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Murder. Bibb Superior Court. Before Judge Johnson.
The appellant, Billy Ray Rollins, was tried and convicted of one count of malice murder and two counts of aggravated assault after shooting Melvin Harris, Donald Gainey, and Tommy Lee Cummings during a confrontation between rival gangs at a Krystal restaurant in Macon. 1 Melvin Harris later died from the gunshot wound. At trial, the appellant admitted shooting the three victims, but claimed that he shot in self-defense. 2
As part of its pre-trial investigation, the police took written statements from Montrese and Napoleon Lawson, who are brothers and close friends of the appellant as well as members of the same gang, and who had been present when the appellant shot the victims. At trial, the state called the Lawson brothers as witnesses. When they testified contrary to their written statements, the state brought forth the statements, and questioned the witnesses about the disparities between their statements and their testimony. 3 The appellant argues that the trial court erred by allowing the prosecution "impermissibly liberal impeachment and cross-examination" of the witnesses, in violation of OCGA 24-9-81, and in failing to grant a mistrial on that ground.
1. "[A] prior inconsistent statement of a witness who takes the stand and is subject to cross-examination is admissible as substantive evidence, and is not limited in value only to impeachment purposes." Gibbons v. State, 248 Ga. 858, 862 (286 SE2d 717) (1982). A party may impeach its own witness with a prior inconsistent statement without any showing of entrapment or surprise, Ranger v. State, 249 Ga. 315, 318 (290 SE2d 63) (1982); Davis v. State, 249 Ga. 309, 314 (290 SE2d 273) (1982). Accord Williams v. State, 253 Ga. 690, 693 (324 SE2d 440) (1985); Smith v. State, 253 Ga. 536 (322 SE2d 492) (1984); Sinkfield v. State, 201 Ga. App. 284 (411 SE2d 68) (1991). Both Napoleon Lawson and Montrese Lawson took the stand for the state and were available for cross-examination by the defense. The witnesses had ample "opportunity to explain or deny the prior contradictory statement[s]." Ranger, 249 Ga. at 318. Therefore, the trial court did not err either by allowing the prosecution to question Napoleon and Montrese Lawson about their written statements, or by refusing to grant a mistrial.
2. Considered in the light most favorable to the verdict, we find the evidence sufficient to permit a rational trier of fact to find the appellant guilty of malice murder and aggravated assault beyond a reasonable doubt. Jackson v. Virginia, t443 U. S. 307 (99 SC 2781, 61 LE2d 560) (1979).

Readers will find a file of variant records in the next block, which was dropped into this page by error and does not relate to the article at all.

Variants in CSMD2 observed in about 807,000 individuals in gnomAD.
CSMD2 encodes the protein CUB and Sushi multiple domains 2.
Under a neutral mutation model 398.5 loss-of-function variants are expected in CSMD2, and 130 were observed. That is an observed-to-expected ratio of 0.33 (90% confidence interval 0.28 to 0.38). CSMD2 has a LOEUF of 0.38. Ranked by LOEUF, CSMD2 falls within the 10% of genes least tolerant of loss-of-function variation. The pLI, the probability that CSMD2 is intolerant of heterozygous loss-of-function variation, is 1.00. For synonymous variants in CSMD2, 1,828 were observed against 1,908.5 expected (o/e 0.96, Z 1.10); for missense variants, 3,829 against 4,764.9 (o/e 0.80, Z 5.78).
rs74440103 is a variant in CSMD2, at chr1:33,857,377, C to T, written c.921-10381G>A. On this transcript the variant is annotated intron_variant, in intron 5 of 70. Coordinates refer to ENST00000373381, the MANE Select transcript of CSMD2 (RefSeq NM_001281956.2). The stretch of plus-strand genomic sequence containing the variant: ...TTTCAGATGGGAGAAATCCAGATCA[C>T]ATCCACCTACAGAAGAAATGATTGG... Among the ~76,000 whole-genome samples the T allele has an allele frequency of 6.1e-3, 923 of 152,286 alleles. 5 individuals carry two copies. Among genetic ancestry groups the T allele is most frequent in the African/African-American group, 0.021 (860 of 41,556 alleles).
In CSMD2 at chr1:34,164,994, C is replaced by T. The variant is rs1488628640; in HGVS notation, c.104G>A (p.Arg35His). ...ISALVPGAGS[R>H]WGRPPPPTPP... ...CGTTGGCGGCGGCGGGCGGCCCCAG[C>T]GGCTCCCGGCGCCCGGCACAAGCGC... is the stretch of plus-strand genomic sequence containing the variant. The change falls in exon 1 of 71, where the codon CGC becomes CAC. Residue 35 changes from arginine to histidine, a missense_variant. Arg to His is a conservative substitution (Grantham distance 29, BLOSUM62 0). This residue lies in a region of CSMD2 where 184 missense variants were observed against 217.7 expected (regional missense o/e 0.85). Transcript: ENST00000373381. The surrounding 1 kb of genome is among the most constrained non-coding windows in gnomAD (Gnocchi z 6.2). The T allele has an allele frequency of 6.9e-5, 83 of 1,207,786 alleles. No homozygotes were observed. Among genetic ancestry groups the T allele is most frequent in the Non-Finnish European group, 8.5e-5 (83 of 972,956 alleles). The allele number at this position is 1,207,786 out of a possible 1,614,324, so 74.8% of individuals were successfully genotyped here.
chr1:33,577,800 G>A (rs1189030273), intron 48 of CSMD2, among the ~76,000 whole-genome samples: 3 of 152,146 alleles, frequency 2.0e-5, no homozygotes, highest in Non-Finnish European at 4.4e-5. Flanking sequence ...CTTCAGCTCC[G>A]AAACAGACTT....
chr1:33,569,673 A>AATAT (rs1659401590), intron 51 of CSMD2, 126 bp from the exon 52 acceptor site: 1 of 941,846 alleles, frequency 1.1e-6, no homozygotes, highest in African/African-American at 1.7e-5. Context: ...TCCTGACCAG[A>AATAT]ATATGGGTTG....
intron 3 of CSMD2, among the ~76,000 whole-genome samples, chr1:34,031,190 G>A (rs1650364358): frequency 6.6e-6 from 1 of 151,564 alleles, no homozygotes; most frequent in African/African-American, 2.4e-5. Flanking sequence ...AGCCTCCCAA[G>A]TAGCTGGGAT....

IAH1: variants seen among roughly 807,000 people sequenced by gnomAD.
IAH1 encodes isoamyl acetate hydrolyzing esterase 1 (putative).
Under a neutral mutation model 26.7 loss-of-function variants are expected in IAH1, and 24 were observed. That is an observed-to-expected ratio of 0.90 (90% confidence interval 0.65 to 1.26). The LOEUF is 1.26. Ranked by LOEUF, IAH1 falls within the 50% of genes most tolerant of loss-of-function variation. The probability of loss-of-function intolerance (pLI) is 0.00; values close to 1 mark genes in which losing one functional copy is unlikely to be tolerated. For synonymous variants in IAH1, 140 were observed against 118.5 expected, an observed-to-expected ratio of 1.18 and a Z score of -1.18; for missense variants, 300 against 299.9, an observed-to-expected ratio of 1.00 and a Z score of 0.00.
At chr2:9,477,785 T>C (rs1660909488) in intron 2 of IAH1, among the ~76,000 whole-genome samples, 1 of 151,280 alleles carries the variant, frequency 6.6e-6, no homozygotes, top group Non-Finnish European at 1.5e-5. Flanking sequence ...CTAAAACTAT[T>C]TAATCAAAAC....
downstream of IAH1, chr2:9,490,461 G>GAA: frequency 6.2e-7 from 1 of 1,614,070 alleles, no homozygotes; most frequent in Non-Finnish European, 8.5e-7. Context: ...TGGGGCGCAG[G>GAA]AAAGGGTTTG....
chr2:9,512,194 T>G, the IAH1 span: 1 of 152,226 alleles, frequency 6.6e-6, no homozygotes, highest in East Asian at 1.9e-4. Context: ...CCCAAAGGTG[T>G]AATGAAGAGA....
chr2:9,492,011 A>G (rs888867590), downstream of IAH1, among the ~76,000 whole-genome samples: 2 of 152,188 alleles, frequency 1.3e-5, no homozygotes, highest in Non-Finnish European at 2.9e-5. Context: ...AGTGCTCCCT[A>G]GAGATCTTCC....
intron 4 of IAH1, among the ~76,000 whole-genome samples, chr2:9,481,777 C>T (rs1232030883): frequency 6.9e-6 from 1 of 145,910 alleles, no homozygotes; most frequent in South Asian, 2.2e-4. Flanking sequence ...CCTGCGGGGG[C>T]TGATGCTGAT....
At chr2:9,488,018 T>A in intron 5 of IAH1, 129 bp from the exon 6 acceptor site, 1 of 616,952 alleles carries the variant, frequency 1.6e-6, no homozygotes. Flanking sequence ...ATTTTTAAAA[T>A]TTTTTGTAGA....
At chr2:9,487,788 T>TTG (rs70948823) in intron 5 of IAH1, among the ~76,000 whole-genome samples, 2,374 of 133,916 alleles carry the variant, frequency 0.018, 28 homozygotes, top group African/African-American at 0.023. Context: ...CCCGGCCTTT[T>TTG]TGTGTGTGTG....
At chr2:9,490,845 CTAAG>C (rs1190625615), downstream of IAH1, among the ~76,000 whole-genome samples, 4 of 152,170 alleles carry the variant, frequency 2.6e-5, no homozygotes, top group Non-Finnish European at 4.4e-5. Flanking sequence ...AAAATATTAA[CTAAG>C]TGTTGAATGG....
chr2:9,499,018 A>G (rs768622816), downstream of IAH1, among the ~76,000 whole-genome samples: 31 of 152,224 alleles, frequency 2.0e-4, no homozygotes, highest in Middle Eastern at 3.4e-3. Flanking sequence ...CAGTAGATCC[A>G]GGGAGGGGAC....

Willis B. Sparks III, District Attorney, Charles H. Weston, Assistant District Attorney, Michael J. Bowers, Attorney General, Susan V. Boleyn, Senior Assistant Attorney General, Mary H. Hines, Assistant Attorney General, for appellee.
1  The appellant and other members of his gang were in the parking lot at the restaurant when the victims and others arrived in an automobile. The vehicle stopped, and the three victims were shot after they got out of the vehicle. Disputed at trial was why the three got out, what they were doing after they got out, and why the appellant shot.
2  The crimes were committed on April 4, 1991. Rollins was indicted on May 13, 1991, by a Bibb County Grand Jury. He was tried November 18 and 19, 1991, and sentenced on November 22, 1991, to life imprisonment for murder plus two consecutive twenty-year terms for the aggravated assaults. Rollins filed a motion for new trial on December 11, 1991. The trial court denied the motion for new trial on April 27, 1992, and Rollins filed his notice of appeal on April 30, 1992. The transcript was certified by the court reporter on May 19, 1992. The appeal was docketed in this court on May 22, 1992, and submitted without oral argument on July 3, 1992.
3  For example, the witnesses' pre-trial statements included the following facts: that the appellant was angry, exchanging words with the victims as they drove by, and was making a scene; that they could not understand what the victims were saying to the appellant from the automobile; that none of the victims or the other occupants of the automobile had a weapon; and that the appellant pressured Napoleon Lawson into giving him the gun used in the shootings.At trial, the witnesses' testimony included the following statements: that the appellant just asked for the gun but did not insist; that the occupants of the automobile were yelling threats at the appellant and others in the parking lot; that the appellant was not saying anything back to the victims in anger; and that one of the victims was approaching the appellant with a beer bottle in his hand.
Lane & Jarriel, Walter J. Lane, Jr., for appellant.
Saturday May 23 06:55 EDT

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